Life & Letters

Correspondence

About this Item

Title: Walt Whitman to William Sloane Kennedy, 20 July 1890

Date: July 20, 1890

Whitman Archive ID: uka.00001

Source: Walt Whitman Collection, University of Kansas, Kenneth Spencer Research Library. Transcribed from digital images or a microfilm reproduction of the original item. For a description of the editorial rationale behind our treatment of the correspondence, see our statement of editorial policy.

Notes for this letter were created by Whitman Archive staff and/or were derived from Walt Whitman, The Correspondence, ed. Edwin Haviland Miller, 6 vols. (New York: New York University Press, 1961–1977), and supplemented or updated by Whitman Archive staff.

Contributors to digital file: Ashlyn Stewart, Amanda J. Axley, Marie Ernster, Paige Wilkinson, and Stephanie Blalock



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Camden1
Sunday
noon July 20 '90

Will write a word as I suppose you are back at B—Am greatly disappointed at not seeing you here—Horace T2 is too—but perhaps you will be coming to Phil. for two or three days the coming fall or winter—We all like the little "Quaker traits"3 piece—it is a bit of style too, like the happiest songs or pictures—veracity (I hope) of the most undeniable, with curious ease, carelessness & impromptude—Yes, I want to send a book (or books) to Trans: man (or men) for courtesy in sending me paper—It comes promptly & I always read it—


Walt Whitman


Correspondent:
William Sloane Kennedy (1850–1929) was on the staff of the Philadelphia American and the Boston Transcript; he also published biographies of Longfellow, Holmes, and Whittier (Dictionary of American Biography [New York: Charles Scribner's Sons, 1933], 336–337). Apparently Kennedy called on the poet for the first time on November 21, 1880 (William Sloane Kennedy, Reminiscences of Walt Whitman [London: Alexander Gardener, 1896], 1). Though Kennedy was to become a fierce defender of Whitman, in his first published article he admitted reservations about the "coarse indecencies of language" and protested that Whitman's ideal of democracy was "too coarse and crude"; see The Californian, 3 (February 1881), 149–158. For more about Kennedy, see Katherine Reagan, "Kennedy, William Sloane (1850–1929)," Walt Whitman: An Encyclopedia, ed. J.R. LeMaster and Donald D. Kummings (New York: Garland Publishing, 1998).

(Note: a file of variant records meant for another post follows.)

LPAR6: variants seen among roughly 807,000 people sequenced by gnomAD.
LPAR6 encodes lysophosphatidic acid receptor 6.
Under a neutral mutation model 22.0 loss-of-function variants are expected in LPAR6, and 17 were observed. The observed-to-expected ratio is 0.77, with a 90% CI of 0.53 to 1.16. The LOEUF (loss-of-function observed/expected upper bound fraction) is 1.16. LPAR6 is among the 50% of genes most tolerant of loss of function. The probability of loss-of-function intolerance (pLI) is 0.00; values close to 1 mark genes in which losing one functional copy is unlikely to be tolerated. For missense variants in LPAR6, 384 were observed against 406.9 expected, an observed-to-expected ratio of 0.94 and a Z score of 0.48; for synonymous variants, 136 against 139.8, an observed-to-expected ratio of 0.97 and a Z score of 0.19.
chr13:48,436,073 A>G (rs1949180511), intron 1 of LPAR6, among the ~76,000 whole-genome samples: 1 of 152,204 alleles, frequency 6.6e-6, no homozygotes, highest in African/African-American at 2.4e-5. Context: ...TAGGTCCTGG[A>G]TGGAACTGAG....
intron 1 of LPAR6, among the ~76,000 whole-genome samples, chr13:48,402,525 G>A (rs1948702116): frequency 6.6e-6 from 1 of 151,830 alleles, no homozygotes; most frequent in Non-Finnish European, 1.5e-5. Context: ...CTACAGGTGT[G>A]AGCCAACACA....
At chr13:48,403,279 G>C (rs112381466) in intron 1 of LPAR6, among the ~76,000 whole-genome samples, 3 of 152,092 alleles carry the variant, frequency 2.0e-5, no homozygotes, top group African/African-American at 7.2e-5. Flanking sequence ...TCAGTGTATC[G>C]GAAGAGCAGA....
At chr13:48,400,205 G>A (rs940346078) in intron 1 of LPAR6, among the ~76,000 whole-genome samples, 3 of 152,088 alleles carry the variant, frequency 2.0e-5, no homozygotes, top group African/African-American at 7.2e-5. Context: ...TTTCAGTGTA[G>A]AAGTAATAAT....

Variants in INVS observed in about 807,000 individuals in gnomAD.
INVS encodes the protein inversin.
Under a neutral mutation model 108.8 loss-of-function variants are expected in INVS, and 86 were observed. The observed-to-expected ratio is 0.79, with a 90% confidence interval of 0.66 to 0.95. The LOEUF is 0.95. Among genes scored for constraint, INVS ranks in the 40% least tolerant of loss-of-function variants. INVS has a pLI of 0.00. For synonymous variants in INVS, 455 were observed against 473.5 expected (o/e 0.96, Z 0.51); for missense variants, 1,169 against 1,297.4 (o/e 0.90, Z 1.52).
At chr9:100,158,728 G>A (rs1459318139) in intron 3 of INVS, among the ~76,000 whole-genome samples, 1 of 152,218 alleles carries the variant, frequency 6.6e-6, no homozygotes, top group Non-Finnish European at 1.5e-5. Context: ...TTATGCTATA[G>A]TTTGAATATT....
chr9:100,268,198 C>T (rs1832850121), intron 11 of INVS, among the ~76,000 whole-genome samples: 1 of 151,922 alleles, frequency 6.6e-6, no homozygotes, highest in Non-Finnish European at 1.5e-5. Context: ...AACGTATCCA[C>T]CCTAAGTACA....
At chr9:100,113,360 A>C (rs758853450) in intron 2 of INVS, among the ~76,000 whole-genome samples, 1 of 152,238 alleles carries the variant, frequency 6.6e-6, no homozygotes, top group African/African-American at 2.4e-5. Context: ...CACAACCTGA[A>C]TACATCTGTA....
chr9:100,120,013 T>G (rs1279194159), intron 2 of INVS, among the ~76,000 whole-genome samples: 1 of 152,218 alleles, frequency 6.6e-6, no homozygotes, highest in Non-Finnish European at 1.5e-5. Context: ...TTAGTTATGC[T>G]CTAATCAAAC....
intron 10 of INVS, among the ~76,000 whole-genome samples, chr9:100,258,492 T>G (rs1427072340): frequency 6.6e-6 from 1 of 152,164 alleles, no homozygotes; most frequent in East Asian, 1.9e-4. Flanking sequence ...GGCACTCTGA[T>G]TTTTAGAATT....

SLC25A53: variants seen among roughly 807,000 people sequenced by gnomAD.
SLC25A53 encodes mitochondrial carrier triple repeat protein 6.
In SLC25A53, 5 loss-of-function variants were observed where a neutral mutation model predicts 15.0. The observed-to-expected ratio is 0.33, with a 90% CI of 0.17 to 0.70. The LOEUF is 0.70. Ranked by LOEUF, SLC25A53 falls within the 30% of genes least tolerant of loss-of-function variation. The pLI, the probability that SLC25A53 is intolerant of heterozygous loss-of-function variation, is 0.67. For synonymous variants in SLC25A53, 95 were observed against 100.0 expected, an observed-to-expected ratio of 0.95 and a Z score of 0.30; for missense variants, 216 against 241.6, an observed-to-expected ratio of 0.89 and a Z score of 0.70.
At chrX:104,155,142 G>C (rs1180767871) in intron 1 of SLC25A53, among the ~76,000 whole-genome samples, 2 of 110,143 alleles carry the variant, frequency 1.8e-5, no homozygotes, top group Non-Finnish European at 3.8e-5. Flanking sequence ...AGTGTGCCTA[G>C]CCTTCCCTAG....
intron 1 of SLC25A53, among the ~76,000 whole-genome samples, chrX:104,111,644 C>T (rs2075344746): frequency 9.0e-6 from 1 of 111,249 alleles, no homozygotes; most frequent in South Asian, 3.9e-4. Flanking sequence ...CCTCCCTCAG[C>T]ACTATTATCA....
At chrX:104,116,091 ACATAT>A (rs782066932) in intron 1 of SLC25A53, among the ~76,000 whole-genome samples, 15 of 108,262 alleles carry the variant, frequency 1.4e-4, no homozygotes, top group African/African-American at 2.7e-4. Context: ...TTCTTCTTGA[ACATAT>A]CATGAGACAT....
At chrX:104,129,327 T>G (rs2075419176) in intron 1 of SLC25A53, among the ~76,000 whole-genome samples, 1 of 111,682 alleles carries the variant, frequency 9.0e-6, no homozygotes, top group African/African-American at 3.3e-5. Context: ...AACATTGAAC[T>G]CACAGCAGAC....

Notes:

1. This postal card is addressed: Sloane Kennedy | Belmont | Mass:. It is postmarked: Camden, N.J. | JUL 21 | 8 AM | 90; NY. | 7-21-90 | 11 AM | [illegible]. [back]

2. Horace L. Traubel (1858–1919) was an American essayist, poet, and magazine publisher. He is best remembered as the literary executor, biographer, and self-fashioned "spirit child" of Walt Whitman. During the late 1880s and until Whitman's death in 1892, Traubel visited the poet virtually every day and took thorough notes of their conversations, which he later transcribed and published in three large volumes entitled With Walt Whitman in Camden (1906, 1908, & 1914). After his death, Traubel left behind enough manuscripts for six more volumes of the series, the final two of which were published in 1996. For more on Traubel, see Ed Folsom, "Traubel, Horace L. [1858–1919]," Walt Whitman: An Encyclopedia, ed. J.R. LeMaster and Donald D. Kummings (New York: Garland Publishing, 1998). [back]

3. "The Quaker Traits of Walt Whitman" appeared in the July 1890 issue of Horace Traubel's The Conservator; it was reprinted in In Re Walt Whitman (Philadelphia, PA: David McKay, 1893), 213–214, a volume edited by Horace Traubel, Richard Maurice Bucke, and Thomas B. Harned. It was also reprinted in William Sloane Kennedy's Reminiscences of Walt Whitman (London: Alexander Gardner, 1896), 86–87. In Fight of a Book for the World (West Yarmouth, MA: The Stonecroft Press, 1926), Kennedy confirms: "The date authenticated by W.W." (273). [back]


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